Port forwarding

Discussion in 'Cisco' started by J1C, Feb 2, 2006.

  1. J1C

    J1C Guest

    Can I use my PIX to forward any HTTP request to HTTPS?
     
    J1C, Feb 2, 2006
    #1
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  2. J1C

    jcottingim Guest

    You can use it to change the port number, but what your talking about
    is a change in protocol. You'll need something like a proxy to do that.
     
    jcottingim, Feb 2, 2006
    #2
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  3. J1C

    J1C Guest

    I can do it with a script - but I was just curious if I could do the
    same or similar with the firewall.

    Could I change reqeusts going to tcp80 to tcp443?
     
    J1C, Feb 2, 2006
    #3
  4. In article <>,
    J1C <> wrote:
    >I can do it with a script - but I was just curious if I could do the
    >same or similar with the firewall.


    >Could I change reqeusts going to tcp80 to tcp443?


    You can use a PIX to forward nearly any port to nearly any other port
    (you can't forward port 0, and there are a couple of reserved ports
    for the outside interface IP).

    Forwarding a port will not change the protocol, so unless your
    tcp 443 server is somehow able to answer plain HTTP queries
    that are not wrapped in SSL, you probably aren't going to like
    the result...

    Note too that you can only forward one port to any given destination
    port. You cannot forward port 80 to port 443 -and- have port 443
    go straight through. So if your TCP 443 server responds to the
    HTTP request with an https:// URL at the same host, unless
    you've redirected incoming 443 to something else, you will have
    problems.
     
    Walter Roberson, Feb 3, 2006
    #4
  5. J1C

    Gond Guest

    Couldn't you also configure the "static" line (NAT) with the port
    translation (PIX version 6.2 and up, I believe)? Or is this what you
    meant already by "forwarding"?

    ie: static (inside,dmz) tcp YOURSERVER 80 YOURSERVER 443 netmask
    255.255.255.255

    Just curious,

    Gond

    Walter Roberson wrote:
    > In article <>,
    > J1C <> wrote:
    > >I can do it with a script - but I was just curious if I could do the
    > >same or similar with the firewall.

    >
    > >Could I change reqeusts going to tcp80 to tcp443?

    >
    > You can use a PIX to forward nearly any port to nearly any other port
    > (you can't forward port 0, and there are a couple of reserved ports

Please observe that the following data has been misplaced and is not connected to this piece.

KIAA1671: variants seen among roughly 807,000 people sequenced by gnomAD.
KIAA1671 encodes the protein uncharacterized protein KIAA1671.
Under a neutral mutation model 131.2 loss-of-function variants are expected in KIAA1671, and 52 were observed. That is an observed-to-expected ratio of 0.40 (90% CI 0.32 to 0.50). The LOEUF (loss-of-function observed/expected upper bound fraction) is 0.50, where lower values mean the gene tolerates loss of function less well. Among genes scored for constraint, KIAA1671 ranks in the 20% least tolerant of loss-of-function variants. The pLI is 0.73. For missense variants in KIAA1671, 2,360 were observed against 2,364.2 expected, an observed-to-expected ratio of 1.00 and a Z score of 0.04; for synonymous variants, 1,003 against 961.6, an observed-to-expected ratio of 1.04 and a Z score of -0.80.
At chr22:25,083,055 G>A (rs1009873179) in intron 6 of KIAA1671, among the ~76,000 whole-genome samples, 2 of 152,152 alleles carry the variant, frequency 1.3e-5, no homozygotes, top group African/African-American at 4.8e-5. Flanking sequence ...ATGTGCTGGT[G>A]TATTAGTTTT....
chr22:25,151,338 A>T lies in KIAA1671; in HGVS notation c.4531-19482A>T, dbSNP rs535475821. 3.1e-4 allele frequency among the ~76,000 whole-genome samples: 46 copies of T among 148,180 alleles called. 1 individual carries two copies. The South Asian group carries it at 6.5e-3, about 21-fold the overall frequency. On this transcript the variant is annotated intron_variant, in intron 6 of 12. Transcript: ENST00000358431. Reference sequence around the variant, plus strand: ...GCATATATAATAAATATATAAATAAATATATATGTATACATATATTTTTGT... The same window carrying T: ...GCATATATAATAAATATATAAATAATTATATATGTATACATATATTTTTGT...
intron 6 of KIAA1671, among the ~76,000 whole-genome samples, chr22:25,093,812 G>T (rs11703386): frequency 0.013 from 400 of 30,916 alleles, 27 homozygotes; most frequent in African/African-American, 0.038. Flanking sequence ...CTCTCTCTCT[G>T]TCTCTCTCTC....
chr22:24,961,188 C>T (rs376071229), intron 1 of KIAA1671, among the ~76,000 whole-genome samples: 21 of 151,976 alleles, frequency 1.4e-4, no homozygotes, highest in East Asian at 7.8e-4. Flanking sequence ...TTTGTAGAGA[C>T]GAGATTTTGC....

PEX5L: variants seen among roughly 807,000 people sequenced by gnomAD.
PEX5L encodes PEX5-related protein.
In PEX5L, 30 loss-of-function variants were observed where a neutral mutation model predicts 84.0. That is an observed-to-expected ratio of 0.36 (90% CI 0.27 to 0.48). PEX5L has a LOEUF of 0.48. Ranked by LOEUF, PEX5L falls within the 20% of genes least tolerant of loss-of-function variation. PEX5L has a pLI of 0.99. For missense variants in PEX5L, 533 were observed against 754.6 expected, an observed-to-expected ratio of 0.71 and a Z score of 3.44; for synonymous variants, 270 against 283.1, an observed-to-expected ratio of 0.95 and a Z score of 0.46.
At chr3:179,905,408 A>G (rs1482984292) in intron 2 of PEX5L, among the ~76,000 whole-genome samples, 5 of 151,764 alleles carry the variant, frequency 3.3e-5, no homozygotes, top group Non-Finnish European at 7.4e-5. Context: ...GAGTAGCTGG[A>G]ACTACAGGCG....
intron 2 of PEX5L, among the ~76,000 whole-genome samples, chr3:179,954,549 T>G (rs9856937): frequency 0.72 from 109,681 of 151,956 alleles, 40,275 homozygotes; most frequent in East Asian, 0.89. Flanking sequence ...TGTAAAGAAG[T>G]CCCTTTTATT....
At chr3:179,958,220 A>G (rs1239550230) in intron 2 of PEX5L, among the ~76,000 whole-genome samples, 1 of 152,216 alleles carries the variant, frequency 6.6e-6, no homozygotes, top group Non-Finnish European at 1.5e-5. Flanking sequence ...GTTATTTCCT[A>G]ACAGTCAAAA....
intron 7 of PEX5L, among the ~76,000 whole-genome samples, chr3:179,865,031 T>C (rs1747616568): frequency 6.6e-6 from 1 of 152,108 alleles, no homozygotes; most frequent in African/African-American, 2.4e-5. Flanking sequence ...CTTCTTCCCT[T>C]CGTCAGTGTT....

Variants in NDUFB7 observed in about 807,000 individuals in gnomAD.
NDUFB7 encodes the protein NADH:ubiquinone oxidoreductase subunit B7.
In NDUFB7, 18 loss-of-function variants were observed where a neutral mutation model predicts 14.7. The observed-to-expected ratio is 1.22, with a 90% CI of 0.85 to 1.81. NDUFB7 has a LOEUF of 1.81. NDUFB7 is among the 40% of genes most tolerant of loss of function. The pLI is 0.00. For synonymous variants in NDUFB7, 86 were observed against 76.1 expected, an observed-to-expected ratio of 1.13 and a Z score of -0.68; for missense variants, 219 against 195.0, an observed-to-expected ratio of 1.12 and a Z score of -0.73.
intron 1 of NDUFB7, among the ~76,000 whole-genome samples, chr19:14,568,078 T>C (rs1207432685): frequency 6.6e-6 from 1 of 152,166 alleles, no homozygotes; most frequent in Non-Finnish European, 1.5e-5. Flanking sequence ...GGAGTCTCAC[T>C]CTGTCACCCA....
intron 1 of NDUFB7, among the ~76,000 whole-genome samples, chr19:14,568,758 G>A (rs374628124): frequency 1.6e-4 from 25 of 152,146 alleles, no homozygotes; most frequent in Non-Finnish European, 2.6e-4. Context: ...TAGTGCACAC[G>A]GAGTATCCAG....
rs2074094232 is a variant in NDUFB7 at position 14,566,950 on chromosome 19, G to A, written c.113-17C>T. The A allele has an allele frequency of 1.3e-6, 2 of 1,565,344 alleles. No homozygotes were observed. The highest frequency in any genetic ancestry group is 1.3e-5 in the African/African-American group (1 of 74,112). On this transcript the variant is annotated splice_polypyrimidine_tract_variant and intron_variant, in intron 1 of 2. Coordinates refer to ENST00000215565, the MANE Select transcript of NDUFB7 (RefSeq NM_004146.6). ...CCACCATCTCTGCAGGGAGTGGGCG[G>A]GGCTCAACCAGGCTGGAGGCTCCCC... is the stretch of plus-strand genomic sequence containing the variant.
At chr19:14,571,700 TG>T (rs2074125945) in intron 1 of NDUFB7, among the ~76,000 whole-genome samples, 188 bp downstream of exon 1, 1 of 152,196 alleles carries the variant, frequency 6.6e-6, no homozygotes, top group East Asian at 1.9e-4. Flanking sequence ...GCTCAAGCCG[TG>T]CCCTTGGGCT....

> for the outside interface IP).
    >
    > Forwarding a port will not change the protocol, so unless your
    > tcp 443 server is somehow able to answer plain HTTP queries
    > that are not wrapped in SSL, you probably aren't going to like
    > the result...
    >
    > Note too that you can only forward one port to any given destination
    > port. You cannot forward port 80 to port 443 -and- have port 443
    > go straight through. So if your TCP 443 server responds to the
    > HTTP request with an https:// URL at the same host, unless
    > you've redirected incoming 443 to something else, you will have
    > problems.
     
    Gond, Feb 3, 2006
    #5
  6. In article <>,
    Gond <> wrote:
    >Couldn't you also configure the "static" line (NAT) with the port
    >translation (PIX version 6.2 and up, I believe)? Or is this what you
    >meant already by "forwarding"?


    >ie: static (inside,dmz) tcp YOURSERVER 80 YOURSERVER 443 netmask
    >255.255.255.255


    Yes, that is static PAT, and is what I meant by "forwarding"
    (a term I used because that is what the original poster used.)

    As I indicated earlier, using static PAT does not change the
    protocol: it just forwards data unchanged.
     
    Walter Roberson, Feb 3, 2006
    #6
  7. J1C

    Gond Guest

    Thank you!

    Gond
     
    Gond, Feb 3, 2006
    #7
  8. J1C

    John Smith Guest

    On Thu, 02 Feb 2006 12:05:05 -0800, J1C wrote:

    > Can I use my PIX to forward any HTTP request to HTTPS?


    since you can't do it thru the pix, you will have to rely on html. write
    a simple http web page that does an instant refresh to the https page that
    you would rather have users go to.. (remember to open/nat both ports on
    firewall)
    if by chance your problem has to do with Exchange/OWA, M$ has a KB
    article
    that covers this specifically.
    http://support.microsoft.com/default.aspx?scid=kb;en-us;555053#kb1
     
    John Smith, Feb 3, 2006
    #8
  9. J1C

    J1C Guest

    Yes, I used a script to do it - I was just wondering if a PIX could do
    something similar.
     
    J1C, Feb 3, 2006
    #9
  10. In article <>,
    J1C <> wrote:
    Please quote context. The people who answer questions here mostly
    do not use googlegroups as their primary reading interface, so
    they might not be able to see the previous posting (or it might
    have expired for them, or it might not have reached them...)

    Re-injecting the context:

    >On Thu, 02 Feb 2006 12:05:05 -0800, J1C wrote:


    >> Can I use my PIX to forward any HTTP request to HTTPS?



    >Yes, I used a script to do it - I was just wondering if a PIX could do
    >something similar.


    You don't need a script for it: just a single static page with
    a HEAD element of META http-equivilent set to redirect to the
    new page.
     
    Walter Roberson, Feb 3, 2006
    #10
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